'Abhi' is the prefix meaning 'towards' and 'ni (naya)' is the root meaning to carry. So, Abhinaya means to carry towards, i.e. to carry the spectator towards the meaning. Thus, Abhinaya can be called a vehicle of Natya through which the spectator experiences the particular emotions of the dramatic character that is to lead him towards Rasananda - the ultimate bliss which is the aim of Natya.
The above definition of 'Abhinaya' makes it clear that in terms of ancient Indian dramatic theory, Abhinaya does not mean only acting, miming or facial expressions. The term applies to all the related aspects of histrionics which contribute in conveying the poetic content of drama to the spectators. Bharata has defined four major types of Abhinaya, viz., Angika Abhinaya, Vacika Abhinaya, Aharya Abhinaya and Sattvika Abhinaya.(Source): HereNow4U: The Concept of Abhinaya According to Bharata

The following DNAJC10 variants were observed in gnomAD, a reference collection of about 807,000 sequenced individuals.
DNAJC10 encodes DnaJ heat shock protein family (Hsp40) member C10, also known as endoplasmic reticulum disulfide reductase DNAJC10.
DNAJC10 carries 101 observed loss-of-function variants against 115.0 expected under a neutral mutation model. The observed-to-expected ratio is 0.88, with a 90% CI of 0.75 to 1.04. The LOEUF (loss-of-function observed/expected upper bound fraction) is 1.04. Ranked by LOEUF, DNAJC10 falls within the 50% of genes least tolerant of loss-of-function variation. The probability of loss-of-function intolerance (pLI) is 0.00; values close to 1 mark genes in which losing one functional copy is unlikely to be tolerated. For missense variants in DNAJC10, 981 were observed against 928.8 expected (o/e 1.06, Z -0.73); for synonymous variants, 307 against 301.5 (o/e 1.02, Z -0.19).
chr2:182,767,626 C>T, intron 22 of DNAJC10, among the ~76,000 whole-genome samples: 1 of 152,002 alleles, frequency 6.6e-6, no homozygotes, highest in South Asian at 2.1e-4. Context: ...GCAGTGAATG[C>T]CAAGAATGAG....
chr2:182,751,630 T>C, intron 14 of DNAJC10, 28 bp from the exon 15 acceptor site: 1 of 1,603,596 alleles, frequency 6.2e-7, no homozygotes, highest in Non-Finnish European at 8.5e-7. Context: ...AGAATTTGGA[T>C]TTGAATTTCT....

Languages of India and abroad
Abhinaya, (abhi + naya) a dramatic representation VvA.209 (sākhā°). (Page 65)(Source): Sutta: The Pali Text Society's Pali-English Dictionary
Pali is the language of the Tipiṭaka, which is the sacred canon of Theravāda Buddhism and contains much of the Buddha’s speech. Closeley related to Sanskrit, both languages are used interchangeably between religions.
abhinaya (अभिनय).—m S Action and postures expressive of sentiment; esp. the gestures and movements of dramatic representation.(Source): DDSA: The Molesworth Marathi and English Dictionary
abhinaya (अभिनय).—m Action and postures expres- sive of sentiment, esp. the gestures and movements of dramatic representation.(Source): DDSA: The Aryabhusan school dictionary, Marathi-English
Marathi is an Indo-European language having over 70 million native speakers people in (predominantly) Maharashtra India. Marathi, like many other Indo-Aryan languages, evolved from early forms of Prakrit, which itself is a subset of Sanskrit, one of the most ancient languages of the world.
Search found 237 related definition(s) that might help you understand this better. Below you will find the 15 most relevant articles:
Angikābhinaya (अन्गिकाभिनय) or simply āṅgika refers to the first of four categories of abhinaya...